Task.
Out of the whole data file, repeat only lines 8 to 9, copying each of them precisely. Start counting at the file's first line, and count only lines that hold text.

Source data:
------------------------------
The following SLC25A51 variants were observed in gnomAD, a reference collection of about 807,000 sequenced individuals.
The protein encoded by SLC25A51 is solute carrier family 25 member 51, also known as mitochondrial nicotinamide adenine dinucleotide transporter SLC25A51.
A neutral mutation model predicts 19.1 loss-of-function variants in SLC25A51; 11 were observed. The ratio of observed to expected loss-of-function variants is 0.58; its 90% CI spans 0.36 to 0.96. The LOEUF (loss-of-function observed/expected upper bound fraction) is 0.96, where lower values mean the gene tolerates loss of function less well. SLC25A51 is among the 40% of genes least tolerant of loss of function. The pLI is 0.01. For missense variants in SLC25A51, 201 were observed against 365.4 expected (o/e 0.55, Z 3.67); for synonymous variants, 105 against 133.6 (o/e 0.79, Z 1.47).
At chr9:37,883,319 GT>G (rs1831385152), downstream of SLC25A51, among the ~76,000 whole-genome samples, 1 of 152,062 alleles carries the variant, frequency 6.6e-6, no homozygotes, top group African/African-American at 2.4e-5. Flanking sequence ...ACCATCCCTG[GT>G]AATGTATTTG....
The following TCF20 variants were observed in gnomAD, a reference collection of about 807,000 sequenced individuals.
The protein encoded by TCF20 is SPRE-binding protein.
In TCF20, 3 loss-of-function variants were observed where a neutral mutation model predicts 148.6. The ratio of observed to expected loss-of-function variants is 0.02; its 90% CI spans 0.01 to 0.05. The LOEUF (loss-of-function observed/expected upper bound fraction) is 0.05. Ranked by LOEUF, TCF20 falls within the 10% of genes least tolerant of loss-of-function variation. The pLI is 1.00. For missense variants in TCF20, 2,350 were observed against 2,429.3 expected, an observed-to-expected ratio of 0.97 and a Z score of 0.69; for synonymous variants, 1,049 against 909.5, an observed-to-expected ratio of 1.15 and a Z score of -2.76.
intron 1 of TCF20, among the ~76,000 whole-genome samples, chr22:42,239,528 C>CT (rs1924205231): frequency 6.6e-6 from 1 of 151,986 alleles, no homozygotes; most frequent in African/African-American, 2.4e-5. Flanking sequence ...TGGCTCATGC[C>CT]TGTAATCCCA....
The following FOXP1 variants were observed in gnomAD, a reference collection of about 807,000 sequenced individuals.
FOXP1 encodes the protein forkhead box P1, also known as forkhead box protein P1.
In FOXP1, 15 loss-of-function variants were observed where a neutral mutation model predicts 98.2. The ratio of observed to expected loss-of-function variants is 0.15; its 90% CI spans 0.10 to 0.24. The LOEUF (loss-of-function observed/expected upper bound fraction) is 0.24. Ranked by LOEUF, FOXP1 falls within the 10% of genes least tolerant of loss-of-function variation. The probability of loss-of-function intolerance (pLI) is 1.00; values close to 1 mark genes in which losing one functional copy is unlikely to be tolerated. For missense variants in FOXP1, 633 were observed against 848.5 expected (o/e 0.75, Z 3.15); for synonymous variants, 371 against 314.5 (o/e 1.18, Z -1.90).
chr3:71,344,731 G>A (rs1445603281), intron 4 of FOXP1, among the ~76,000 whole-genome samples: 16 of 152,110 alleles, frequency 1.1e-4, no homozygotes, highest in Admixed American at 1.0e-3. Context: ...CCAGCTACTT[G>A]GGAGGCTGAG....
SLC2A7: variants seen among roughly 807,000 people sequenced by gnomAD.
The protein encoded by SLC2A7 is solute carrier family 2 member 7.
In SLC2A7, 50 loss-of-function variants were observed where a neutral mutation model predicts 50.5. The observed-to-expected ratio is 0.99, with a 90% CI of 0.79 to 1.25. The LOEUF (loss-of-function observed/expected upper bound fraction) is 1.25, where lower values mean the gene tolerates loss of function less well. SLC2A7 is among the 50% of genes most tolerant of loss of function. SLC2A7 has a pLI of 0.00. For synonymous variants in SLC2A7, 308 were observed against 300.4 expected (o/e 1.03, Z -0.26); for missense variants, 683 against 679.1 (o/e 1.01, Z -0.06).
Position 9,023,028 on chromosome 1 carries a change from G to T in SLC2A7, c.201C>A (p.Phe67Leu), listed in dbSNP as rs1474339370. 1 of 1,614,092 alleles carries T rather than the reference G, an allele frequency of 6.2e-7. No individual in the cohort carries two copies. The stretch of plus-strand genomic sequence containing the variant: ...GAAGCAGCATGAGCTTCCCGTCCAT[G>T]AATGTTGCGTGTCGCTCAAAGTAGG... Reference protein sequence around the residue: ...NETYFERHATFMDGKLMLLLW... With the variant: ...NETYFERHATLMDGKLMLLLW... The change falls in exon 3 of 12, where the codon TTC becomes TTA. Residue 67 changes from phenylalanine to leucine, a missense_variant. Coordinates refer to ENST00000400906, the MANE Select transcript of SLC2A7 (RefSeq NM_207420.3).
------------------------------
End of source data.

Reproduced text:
intron 1 of TCF20, among the ~76,000 whole-genome samples, chr22:42,239,528 C>CT (rs1924205231): frequency 6.6e-6 from 1 of 151,986 alleles, no homozygotes; most frequent in African/African-American, 2.4e-5. Flanking sequence ...TGGCTCATGC[C>CT]TGTAATCCCA....
The following FOXP1 variants were observed in gnomAD, a reference collection of about 807,000 sequenced individuals.